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Printer Problem...

Posted on 1998-08-19
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Last Modified: 2013-12-27
We are trying to hook up a printer on a local hook up not a network.  We are running a Sun with CDE (ver 2.6 I think).  We have an owners manual for Sun ver2.5 and it tells us to:
  1) Connect to the printer to a system and turn on the power to the printer.
  2) Start Admintool on the system where you connected the printer.
  3) Select Add Local Printer from the Edit menu.
  4) Fill in the window.
  5) Click on OK.

And all of this worked.  Except that nothing prints when you  try to print a file.  I send the file to the printer and it goes, because I can see it in the queue.  However, nothing ever gets printed.  There are three possible connections points on the back of the Sun, two labeled A and B and then one other one.  We have hooked it into both the unlabeled one and A and we still get nothing.  When we go into the Add local printer edit menu we set everything right there: type of printer, port, printer name, and default printer.  But it never says any thing about loading the device drivers.  What are we doing work????
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Question by:bcarder
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Expert Comment

by:ahoffmann
ID: 2006681
Assuming that your printer will be connected via a parallel port, connect it to the Sun's unlabeld port (which is uaually a female SUB-D25 connector, while the 2 others are mail SUB-D25).
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jlms earned 50 total points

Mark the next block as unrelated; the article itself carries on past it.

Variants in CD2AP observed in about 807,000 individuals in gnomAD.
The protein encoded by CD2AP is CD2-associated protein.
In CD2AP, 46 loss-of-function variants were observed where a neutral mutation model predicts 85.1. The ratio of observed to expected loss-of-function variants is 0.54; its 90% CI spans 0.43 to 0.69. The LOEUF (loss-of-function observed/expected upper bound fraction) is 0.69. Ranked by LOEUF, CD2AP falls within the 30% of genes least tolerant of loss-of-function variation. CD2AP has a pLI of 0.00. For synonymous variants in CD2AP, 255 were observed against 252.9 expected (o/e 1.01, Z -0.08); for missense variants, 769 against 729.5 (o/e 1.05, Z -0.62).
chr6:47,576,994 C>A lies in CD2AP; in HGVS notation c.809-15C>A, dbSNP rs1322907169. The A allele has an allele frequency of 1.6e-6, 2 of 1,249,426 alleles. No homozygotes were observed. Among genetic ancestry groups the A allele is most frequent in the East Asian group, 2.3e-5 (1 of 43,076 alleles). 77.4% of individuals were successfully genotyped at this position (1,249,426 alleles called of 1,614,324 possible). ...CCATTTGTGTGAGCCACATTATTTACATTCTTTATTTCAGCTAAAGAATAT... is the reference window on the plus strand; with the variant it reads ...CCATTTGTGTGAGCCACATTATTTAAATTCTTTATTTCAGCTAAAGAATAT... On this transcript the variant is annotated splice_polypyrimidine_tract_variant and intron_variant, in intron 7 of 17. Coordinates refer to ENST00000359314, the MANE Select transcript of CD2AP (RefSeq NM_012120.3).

ID: 2006682
Connect it to the parallel port, it is usually labeled with two small parallel lines, now the name of the device for the port is /dev/bpp0 (usually).

One way to find out if that is the port is sending directly to it without using the spooling system. Try this:

cat /etc/hosts > /dev/bpp0

The important thing here is that you get something on paper, it does not matter if it is garbagge.

  Once you have identified your port you need to configure your OS to send the right kind of information to the printer.

  WHich kind of printer do you have?

   If it is a PostScript printer, then you don't need anything because practically all the applications in Solaris generate PostScript output.

   If it is other kind of printer then you need a filter to convert from PostScript to the language that your printer can understand (unless your applications can print to the kind of printer you have).

   A very popular program, that can act as a filter is GhostScript.


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Author Comment

by:bcarder
ID: 2006683
That was not the right device name for the parallel port.  Is there a  way to find what they called that port in our system?  We have a HP LaserJet 5M printer.  
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Author Comment

by:bcarder
ID: 2006684
More information Please?
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Expert Comment

by:jlms
ID: 2006685
We need to know where are you connecting your printer. Describe the port please (how many pins, male or female, any label it has, etc).

Something important is that your printer's port hast to understand your computer port (parallel must be connected to parallel, serial to serial, etc).

  Now, most probably the unlabelled port in you machine is the parallel port (describe it please!), then you should be able to use a Centronics cable (the one widely used to connect PCs to printers) to connect your ptinter to the Sun machine. Nevertheless, you have to be sure that the parallel port is enabled in tour printer. Please check the manual.

Then try again

cat /etc/hosts > /dev/bpp0

Other possible name for your parallel port is:
/dev/ecpp0
so it is worth trying
cat /etc/hosts > /dev/ecpp0





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